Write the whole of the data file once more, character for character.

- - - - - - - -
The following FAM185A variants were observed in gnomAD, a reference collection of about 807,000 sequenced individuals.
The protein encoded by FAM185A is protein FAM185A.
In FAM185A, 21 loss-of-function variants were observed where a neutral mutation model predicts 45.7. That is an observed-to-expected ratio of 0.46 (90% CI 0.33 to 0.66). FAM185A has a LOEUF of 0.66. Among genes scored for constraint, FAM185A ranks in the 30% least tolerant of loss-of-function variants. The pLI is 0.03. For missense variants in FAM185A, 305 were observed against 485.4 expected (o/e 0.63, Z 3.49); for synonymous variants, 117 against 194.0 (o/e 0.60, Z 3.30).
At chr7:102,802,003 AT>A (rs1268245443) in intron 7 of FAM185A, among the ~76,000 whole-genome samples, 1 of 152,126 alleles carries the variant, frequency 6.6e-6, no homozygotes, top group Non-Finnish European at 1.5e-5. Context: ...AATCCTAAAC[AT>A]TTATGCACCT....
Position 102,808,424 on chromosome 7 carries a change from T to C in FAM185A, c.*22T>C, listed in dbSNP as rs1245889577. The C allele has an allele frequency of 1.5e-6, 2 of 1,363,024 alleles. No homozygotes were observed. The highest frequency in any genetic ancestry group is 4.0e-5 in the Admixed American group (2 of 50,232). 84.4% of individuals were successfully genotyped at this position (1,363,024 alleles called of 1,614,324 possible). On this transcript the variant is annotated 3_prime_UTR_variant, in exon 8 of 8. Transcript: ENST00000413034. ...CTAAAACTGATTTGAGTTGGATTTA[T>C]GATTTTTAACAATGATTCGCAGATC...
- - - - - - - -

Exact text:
The following FAM185A variants were observed in gnomAD, a reference collection of about 807,000 sequenced individuals.
The protein encoded by FAM185A is protein FAM185A.
In FAM185A, 21 loss-of-function variants were observed where a neutral mutation model predicts 45.7. That is an observed-to-expected ratio of 0.46 (90% CI 0.33 to 0.66). FAM185A has a LOEUF of 0.66. Among genes scored for constraint, FAM185A ranks in the 30% least tolerant of loss-of-function variants. The pLI is 0.03. For missense variants in FAM185A, 305 were observed against 485.4 expected (o/e 0.63, Z 3.49); for synonymous variants, 117 against 194.0 (o/e 0.60, Z 3.30).
At chr7:102,802,003 AT>A (rs1268245443) in intron 7 of FAM185A, among the ~76,000 whole-genome samples, 1 of 152,126 alleles carries the variant, frequency 6.6e-6, no homozygotes, top group Non-Finnish European at 1.5e-5. Context: ...AATCCTAAAC[AT>A]TTATGCACCT....
Position 102,808,424 on chromosome 7 carries a change from T to C in FAM185A, c.*22T>C, listed in dbSNP as rs1245889577. The C allele has an allele frequency of 1.5e-6, 2 of 1,363,024 alleles. No homozygotes were observed. The highest frequency in any genetic ancestry group is 4.0e-5 in the Admixed American group (2 of 50,232). 84.4% of individuals were successfully genotyped at this position (1,363,024 alleles called of 1,614,324 possible). On this transcript the variant is annotated 3_prime_UTR_variant, in exon 8 of 8. Transcript: ENST00000413034. ...CTAAAACTGATTTGAGTTGGATTTA[T>C]GATTTTTAACAATGATTCGCAGATC...